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It’s been a process, but Shabazz Napier’s grown into his leadership role

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From Nov. 20th thru Dec. 1st, I’ll be on the road, hitting 21 games in 11 days. To follow along and read my stories from the road, click here.

NEW YORK — It’s Friday night and Madison Square Garden’s packed. Two boisterous fan bases share the stands, ensuring that every basket, every call, gets equal parts cheers and jeers as two top 25 programs trade haymakers in a thrilling, gnaw-your-nails-to-the-quick instant classic on national television.

For some, an environment like that in a game this early in the season could be overwhelming, but not for Shabazz Napier. November basketball doesn’t get to him. UConn may have been bounced in the opening round of the 2012 NCAA tournament and they may have been relegated to the sidelines of the 2013 NCAA tournament, but remember, Napier’s got a national title ring on his finger. He won a Big East tournament title in this very building. He shared a back court with Kemba Walker and Jeremy Lamb back in 2011, if you recall.

The moment has never gotten to Napier, which is why it shouldn’t surprise you that he made seemingly every big shot for the No. 18 Huskies in their 59-58 win over Indiana, finishing with 27 points and three assists on 10-for-14 shooting. Four times in the final five minutes, Napier made the play that gave the Huskies the lead. There was the three he hit with 4:29 left. There was the three he set up for Deandre Daniels with 3:32 left. There was the jumper he hit with an Indiana defender’s hand in his face with 2:32 left. And, lastly, there was the acrobatic layup he made with 1:35 left that turned out to be the game-winner.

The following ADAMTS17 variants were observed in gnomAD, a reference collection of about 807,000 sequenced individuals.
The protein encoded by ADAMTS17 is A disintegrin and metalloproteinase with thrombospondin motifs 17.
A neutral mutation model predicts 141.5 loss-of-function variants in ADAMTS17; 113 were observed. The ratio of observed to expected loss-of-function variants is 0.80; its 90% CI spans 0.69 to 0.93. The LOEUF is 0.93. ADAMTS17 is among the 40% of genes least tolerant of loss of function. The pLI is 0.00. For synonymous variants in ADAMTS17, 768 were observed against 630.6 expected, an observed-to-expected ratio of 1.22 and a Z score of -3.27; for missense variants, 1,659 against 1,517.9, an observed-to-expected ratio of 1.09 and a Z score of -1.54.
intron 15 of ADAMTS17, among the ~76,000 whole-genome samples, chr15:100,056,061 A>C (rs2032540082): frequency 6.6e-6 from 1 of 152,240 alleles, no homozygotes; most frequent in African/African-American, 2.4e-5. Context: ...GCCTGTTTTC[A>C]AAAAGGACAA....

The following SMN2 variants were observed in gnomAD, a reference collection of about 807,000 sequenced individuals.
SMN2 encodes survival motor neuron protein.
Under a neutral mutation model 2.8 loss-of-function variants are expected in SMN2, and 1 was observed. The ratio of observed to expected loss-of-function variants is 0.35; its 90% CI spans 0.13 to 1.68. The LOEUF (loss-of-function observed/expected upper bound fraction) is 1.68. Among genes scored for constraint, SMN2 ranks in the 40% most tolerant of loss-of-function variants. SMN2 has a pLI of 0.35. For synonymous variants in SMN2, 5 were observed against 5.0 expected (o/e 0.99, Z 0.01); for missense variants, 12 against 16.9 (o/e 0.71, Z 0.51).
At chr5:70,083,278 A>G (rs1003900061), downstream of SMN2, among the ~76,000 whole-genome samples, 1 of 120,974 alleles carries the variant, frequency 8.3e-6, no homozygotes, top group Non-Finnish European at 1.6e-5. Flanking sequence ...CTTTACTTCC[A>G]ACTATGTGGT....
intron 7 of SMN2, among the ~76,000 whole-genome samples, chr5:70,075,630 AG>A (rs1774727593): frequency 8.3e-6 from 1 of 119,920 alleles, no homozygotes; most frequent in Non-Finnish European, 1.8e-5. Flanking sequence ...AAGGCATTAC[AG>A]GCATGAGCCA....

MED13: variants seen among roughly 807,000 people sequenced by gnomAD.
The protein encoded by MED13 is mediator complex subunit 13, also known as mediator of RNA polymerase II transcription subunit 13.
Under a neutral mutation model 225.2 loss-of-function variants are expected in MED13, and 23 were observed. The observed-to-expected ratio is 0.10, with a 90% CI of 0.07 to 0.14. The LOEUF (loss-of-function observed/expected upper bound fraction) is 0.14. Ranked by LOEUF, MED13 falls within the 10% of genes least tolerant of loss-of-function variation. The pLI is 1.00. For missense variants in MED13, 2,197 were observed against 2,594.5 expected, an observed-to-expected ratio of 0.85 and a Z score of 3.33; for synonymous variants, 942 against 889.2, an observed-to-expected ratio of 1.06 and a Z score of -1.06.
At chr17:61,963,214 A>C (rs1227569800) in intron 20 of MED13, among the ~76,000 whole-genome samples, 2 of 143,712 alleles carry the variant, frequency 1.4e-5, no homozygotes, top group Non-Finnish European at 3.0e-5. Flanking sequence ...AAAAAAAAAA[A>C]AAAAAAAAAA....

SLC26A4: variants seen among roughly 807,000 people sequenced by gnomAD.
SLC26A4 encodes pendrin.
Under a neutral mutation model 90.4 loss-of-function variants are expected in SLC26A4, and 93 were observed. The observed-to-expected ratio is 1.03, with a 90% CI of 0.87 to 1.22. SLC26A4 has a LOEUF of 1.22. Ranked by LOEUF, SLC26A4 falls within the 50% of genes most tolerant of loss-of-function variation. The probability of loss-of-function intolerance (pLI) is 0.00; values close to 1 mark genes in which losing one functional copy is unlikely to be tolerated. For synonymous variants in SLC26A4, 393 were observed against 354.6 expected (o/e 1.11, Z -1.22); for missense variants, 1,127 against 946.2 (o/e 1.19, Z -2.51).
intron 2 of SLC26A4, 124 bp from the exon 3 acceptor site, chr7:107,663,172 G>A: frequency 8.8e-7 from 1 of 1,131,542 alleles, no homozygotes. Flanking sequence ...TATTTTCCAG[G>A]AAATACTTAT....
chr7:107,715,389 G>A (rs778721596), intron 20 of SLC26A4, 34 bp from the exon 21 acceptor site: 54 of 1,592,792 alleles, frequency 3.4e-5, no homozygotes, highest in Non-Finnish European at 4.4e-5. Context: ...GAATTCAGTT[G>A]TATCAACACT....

UConn stopped running offense in the second half. Head coach Kevin Ollie put the ball — put his trust, all of it — in the hands of his senior point guard, running him off of ball-screen after ball-screen, and Napier delivered.

“That’s that Mission Hill coming out of him, that Boston. He’s a fighter,” Ollie said after the game. “He relishes the moment. Some people run away form it, but he embraces it.”

That’s not exactly new. Napier has developed a reputation for being a guy that hits big shots in big moments, but that’s not the only reputation that he has built for himself.

Napier’s long been considered a streaky scorer, a guy that can shoot you into a game when he gets into a rhythm and can just as easily shoot you out of a game when he’s struggling. As a sophomore, Napier replaced Kemba at the point for a team that entered the season ranked in the top five in the country. But the Huskies put together one of the most disappointing seasons in program history, struggling their way through a year where they finished under .500 in the Big East and got knocked out of the NCAA tournament in the 8-9 game.

And while it’s unfair to pin the blame for those struggles on Napier, he certainly didn’t do the Huskies any favors as a boom-or-bust scoring guard on a team that needed a steady, sure-handed leader running the show. In six of his first 12 games that season, Napier scored more than 20 points. The other six? He scored in the single-digits. At one point, he missed 16 straight shots from the field. Napier was trying to outwardly prove that he was a leader, but in reality he was a player whose confidence was in the gutter if he missed his first couple of shots or committed a turnover or two.

That’s a problem. How can you be a leader when you can’t move past a mistake that you made six possessions ago?